The idea of hidden depths continues in the sestet, particularly in the final two lines where the conceit of describing the snow-covered Earth starts to fall away and the description of a woman comes into focus. There is, I think, an implied affinity between the poet and these traits: ‘Rich in hid wealth, and strong in secret power, / Silent with joy, and pure with perfect love.’ Clearly this continues to evoke the dormant power of the Earth in winter, awaiting the ‘fuller radiance’ of spring sunshine to encourage new growth. And yet it is difficult to escape the feeling that in ‘December, 1879’, as Naden awaited her 22nd birthday on the eve of a new decade, the sense of potential and new beginnings resonated with her on a personal level. Like the Earth, Naden ‘lies dreaming of her destined hour’ at which point she will show her true nature to the waiting world.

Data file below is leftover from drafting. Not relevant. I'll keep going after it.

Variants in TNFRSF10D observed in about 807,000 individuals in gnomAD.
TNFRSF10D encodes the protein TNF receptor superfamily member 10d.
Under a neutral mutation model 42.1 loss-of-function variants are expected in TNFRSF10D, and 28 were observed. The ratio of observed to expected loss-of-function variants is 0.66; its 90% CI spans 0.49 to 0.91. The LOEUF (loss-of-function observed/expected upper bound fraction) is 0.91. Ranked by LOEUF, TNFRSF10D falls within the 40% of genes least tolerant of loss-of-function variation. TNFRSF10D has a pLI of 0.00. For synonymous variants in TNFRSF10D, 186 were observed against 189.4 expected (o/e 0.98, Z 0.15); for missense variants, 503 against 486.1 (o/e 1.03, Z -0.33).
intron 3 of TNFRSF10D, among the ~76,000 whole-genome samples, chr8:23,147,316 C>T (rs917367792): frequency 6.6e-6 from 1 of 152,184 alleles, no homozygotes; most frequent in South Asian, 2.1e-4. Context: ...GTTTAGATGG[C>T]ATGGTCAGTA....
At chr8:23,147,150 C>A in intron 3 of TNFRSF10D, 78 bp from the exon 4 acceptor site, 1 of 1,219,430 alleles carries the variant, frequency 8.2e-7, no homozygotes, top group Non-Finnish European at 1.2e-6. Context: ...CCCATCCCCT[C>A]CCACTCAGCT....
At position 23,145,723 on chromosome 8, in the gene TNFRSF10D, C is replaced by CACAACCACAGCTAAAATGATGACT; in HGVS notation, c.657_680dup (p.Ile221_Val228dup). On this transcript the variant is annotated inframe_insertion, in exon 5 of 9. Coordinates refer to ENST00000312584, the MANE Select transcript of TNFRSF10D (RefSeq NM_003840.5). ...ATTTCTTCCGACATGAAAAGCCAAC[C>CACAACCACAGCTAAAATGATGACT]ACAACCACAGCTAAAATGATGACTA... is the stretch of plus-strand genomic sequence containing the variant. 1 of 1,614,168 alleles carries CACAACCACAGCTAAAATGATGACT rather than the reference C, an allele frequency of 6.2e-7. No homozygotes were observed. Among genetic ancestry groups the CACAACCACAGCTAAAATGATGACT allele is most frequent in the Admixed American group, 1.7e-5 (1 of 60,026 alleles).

While the 1870s was a period of transition for Naden, in the 1880s she began to live more independently and publically follow her passions. In 1881 Naden enrolled at the Mason College of Science in Birmingham, published her first volume of poetry (which included her Year in Sonnets), and committed herself to writing about her freethinking philosophy. We know from other pantheist poems in this sequence, such as ‘Sunshine’ and ‘September, 1880’, that Naden felt a connection with the Earth that was founded in a shared energy, and the dormant power that courses through this poem evokes the self-belief that bolstered her successes in the following decade.

Year in Sonnets

November, 1878

Digitised by the Victorian Woman Writers Project, Indiana University.

Digitised by the Victorian Woman Writers Project, Indiana University.